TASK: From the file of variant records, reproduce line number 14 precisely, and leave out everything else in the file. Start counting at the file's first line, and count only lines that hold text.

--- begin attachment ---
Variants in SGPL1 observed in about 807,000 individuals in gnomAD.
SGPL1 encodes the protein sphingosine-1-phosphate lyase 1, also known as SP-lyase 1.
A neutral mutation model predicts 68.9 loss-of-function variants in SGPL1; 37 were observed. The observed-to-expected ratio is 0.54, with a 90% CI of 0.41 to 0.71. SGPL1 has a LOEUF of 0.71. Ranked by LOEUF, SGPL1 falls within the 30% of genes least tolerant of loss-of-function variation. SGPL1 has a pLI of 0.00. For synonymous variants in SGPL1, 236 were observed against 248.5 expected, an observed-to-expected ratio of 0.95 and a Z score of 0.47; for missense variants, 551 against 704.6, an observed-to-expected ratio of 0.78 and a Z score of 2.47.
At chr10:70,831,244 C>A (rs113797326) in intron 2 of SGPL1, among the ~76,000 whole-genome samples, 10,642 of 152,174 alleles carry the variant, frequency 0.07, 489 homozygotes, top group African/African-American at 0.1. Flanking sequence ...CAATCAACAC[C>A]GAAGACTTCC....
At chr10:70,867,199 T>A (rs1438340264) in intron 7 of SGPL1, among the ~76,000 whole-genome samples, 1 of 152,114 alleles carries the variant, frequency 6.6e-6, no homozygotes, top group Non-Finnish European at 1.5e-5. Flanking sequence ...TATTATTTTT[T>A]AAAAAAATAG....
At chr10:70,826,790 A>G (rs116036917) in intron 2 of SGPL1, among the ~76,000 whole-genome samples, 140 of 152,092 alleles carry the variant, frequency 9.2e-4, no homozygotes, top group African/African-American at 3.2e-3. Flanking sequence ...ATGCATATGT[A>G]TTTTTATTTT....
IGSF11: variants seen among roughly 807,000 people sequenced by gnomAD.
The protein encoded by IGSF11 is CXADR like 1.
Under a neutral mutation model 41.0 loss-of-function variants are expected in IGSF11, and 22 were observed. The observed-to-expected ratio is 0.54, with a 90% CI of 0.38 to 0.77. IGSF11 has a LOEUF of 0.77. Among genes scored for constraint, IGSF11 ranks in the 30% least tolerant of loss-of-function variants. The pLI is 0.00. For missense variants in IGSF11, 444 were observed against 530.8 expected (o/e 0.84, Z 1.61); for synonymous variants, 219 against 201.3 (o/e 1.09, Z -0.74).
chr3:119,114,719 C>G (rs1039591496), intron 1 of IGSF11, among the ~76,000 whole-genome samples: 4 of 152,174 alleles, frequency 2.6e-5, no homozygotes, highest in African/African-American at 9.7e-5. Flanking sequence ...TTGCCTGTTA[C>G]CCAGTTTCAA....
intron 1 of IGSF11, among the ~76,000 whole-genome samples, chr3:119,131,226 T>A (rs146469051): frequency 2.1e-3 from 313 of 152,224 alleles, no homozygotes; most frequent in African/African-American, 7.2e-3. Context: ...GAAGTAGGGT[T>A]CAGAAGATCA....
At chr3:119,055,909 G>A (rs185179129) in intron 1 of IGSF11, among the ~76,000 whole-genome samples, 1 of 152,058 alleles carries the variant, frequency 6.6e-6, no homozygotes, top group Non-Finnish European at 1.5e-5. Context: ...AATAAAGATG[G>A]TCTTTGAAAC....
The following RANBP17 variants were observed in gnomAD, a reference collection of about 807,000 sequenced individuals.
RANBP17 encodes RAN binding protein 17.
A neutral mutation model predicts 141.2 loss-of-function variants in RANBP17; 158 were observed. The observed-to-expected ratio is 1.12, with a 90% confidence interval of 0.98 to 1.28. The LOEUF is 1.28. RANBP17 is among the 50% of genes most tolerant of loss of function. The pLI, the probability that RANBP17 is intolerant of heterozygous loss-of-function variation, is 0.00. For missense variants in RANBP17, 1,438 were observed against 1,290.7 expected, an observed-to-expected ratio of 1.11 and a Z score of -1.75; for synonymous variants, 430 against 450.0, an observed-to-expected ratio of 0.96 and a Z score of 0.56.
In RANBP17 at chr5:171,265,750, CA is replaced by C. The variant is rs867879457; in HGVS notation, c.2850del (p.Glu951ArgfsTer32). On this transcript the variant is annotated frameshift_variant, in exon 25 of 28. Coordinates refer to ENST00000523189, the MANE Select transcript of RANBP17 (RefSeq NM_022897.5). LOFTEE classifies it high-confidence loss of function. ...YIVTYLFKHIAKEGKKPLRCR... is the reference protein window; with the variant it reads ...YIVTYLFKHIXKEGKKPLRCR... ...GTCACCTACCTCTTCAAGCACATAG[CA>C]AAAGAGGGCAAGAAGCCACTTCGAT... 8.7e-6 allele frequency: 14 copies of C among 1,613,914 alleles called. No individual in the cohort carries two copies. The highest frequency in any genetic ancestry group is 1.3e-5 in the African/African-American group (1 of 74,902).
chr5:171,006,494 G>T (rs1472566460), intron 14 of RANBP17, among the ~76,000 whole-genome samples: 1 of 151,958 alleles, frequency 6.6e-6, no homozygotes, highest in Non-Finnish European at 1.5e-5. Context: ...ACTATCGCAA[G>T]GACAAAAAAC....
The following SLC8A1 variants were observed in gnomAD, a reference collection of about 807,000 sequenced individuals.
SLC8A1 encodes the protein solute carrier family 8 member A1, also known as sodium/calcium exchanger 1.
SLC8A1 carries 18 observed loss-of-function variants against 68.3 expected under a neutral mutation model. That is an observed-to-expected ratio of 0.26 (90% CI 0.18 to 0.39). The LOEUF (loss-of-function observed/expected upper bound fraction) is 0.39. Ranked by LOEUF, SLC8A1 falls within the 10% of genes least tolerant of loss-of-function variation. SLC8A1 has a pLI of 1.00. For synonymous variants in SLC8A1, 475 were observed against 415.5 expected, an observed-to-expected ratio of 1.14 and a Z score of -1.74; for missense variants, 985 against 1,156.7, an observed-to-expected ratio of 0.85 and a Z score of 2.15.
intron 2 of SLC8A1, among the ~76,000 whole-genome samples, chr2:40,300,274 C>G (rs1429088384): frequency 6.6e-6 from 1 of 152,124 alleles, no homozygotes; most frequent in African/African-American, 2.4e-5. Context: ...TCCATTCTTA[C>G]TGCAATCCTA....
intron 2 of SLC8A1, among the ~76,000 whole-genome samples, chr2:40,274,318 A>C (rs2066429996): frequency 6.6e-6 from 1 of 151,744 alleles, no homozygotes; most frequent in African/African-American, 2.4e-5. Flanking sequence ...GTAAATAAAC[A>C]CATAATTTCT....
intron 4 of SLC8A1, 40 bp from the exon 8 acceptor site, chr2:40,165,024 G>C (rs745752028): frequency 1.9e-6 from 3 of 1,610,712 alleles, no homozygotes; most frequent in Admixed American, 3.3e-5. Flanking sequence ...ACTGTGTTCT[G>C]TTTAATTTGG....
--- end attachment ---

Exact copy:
RANBP17 encodes RAN binding protein 17.